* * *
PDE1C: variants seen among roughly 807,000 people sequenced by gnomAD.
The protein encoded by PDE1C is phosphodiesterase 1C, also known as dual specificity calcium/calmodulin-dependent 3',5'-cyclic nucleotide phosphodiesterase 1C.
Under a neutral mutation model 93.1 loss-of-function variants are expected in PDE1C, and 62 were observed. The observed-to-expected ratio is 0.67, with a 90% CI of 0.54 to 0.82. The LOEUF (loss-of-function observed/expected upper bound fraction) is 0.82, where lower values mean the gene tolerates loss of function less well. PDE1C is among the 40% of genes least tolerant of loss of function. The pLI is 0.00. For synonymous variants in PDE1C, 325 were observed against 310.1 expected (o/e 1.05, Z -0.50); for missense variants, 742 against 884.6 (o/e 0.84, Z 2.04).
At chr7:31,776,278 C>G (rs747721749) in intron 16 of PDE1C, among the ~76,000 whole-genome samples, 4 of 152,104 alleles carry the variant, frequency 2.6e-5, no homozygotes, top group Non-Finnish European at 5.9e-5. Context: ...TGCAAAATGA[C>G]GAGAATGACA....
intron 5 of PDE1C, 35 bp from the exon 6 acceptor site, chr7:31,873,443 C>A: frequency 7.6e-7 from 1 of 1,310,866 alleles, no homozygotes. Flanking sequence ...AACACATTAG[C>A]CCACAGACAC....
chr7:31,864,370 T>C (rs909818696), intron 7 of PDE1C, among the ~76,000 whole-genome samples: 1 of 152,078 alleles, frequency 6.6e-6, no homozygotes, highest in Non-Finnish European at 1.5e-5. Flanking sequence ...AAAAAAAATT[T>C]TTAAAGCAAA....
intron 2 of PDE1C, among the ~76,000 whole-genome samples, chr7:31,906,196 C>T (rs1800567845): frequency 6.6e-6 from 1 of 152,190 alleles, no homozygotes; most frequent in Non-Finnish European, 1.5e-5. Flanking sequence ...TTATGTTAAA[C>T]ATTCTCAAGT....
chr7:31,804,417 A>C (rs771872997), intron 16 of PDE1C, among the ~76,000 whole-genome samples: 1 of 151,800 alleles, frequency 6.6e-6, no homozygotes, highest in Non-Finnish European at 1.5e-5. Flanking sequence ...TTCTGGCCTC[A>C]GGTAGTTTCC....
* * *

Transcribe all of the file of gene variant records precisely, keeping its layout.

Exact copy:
PDE1C: variants seen among roughly 807,000 people sequenced by gnomAD.
The protein encoded by PDE1C is phosphodiesterase 1C, also known as dual specificity calcium/calmodulin-dependent 3',5'-cyclic nucleotide phosphodiesterase 1C.
Under a neutral mutation model 93.1 loss-of-function variants are expected in PDE1C, and 62 were observed. The observed-to-expected ratio is 0.67, with a 90% CI of 0.54 to 0.82. The LOEUF (loss-of-function observed/expected upper bound fraction) is 0.82, where lower values mean the gene tolerates loss of function less well. PDE1C is among the 40% of genes least tolerant of loss of function. The pLI is 0.00. For synonymous variants in PDE1C, 325 were observed against 310.1 expected (o/e 1.05, Z -0.50); for missense variants, 742 against 884.6 (o/e 0.84, Z 2.04).
At chr7:31,776,278 C>G (rs747721749) in intron 16 of PDE1C, among the ~76,000 whole-genome samples, 4 of 152,104 alleles carry the variant, frequency 2.6e-5, no homozygotes, top group Non-Finnish European at 5.9e-5. Context: ...TGCAAAATGA[C>G]GAGAATGACA....
intron 5 of PDE1C, 35 bp from the exon 6 acceptor site, chr7:31,873,443 C>A: frequency 7.6e-7 from 1 of 1,310,866 alleles, no homozygotes. Flanking sequence ...AACACATTAG[C>A]CCACAGACAC....
chr7:31,864,370 T>C (rs909818696), intron 7 of PDE1C, among the ~76,000 whole-genome samples: 1 of 152,078 alleles, frequency 6.6e-6, no homozygotes, highest in Non-Finnish European at 1.5e-5. Flanking sequence ...AAAAAAAATT[T>C]TTAAAGCAAA....
intron 2 of PDE1C, among the ~76,000 whole-genome samples, chr7:31,906,196 C>T (rs1800567845): frequency 6.6e-6 from 1 of 152,190 alleles, no homozygotes; most frequent in Non-Finnish European, 1.5e-5. Flanking sequence ...TTATGTTAAA[C>T]ATTCTCAAGT....
chr7:31,804,417 A>C (rs771872997), intron 16 of PDE1C, among the ~76,000 whole-genome samples: 1 of 151,800 alleles, frequency 6.6e-6, no homozygotes, highest in Non-Finnish European at 1.5e-5. Flanking sequence ...TTCTGGCCTC[A>C]GGTAGTTTCC....